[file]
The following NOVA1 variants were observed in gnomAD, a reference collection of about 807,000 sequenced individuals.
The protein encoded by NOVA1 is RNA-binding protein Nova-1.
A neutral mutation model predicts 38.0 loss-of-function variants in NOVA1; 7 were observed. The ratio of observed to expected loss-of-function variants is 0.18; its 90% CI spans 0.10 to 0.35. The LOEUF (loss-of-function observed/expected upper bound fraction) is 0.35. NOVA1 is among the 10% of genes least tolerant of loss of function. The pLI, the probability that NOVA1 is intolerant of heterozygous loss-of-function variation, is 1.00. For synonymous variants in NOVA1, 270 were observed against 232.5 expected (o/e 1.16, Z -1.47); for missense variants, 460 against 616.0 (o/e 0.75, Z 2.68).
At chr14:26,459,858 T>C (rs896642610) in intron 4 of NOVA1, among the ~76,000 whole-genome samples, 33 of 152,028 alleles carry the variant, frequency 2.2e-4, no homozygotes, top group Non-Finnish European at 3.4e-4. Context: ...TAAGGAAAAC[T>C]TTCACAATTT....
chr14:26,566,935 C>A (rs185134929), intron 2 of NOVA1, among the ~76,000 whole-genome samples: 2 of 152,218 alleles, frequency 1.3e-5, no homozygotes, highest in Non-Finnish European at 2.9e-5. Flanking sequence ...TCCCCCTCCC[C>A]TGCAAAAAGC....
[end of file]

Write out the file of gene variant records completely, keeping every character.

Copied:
The following NOVA1 variants were observed in gnomAD, a reference collection of about 807,000 sequenced individuals.
The protein encoded by NOVA1 is RNA-binding protein Nova-1.
A neutral mutation model predicts 38.0 loss-of-function variants in NOVA1; 7 were observed. The ratio of observed to expected loss-of-function variants is 0.18; its 90% CI spans 0.10 to 0.35. The LOEUF (loss-of-function observed/expected upper bound fraction) is 0.35. NOVA1 is among the 10% of genes least tolerant of loss of function. The pLI, the probability that NOVA1 is intolerant of heterozygous loss-of-function variation, is 1.00. For synonymous variants in NOVA1, 270 were observed against 232.5 expected (o/e 1.16, Z -1.47); for missense variants, 460 against 616.0 (o/e 0.75, Z 2.68).
At chr14:26,459,858 T>C (rs896642610) in intron 4 of NOVA1, among the ~76,000 whole-genome samples, 33 of 152,028 alleles carry the variant, frequency 2.2e-4, no homozygotes, top group Non-Finnish European at 3.4e-4. Context: ...TAAGGAAAAC[T>C]TTCACAATTT....
chr14:26,566,935 C>A (rs185134929), intron 2 of NOVA1, among the ~76,000 whole-genome samples: 2 of 152,218 alleles, frequency 1.3e-5, no homozygotes, highest in Non-Finnish European at 2.9e-5. Flanking sequence ...TCCCCCTCCC[C>A]TGCAAAAAGC....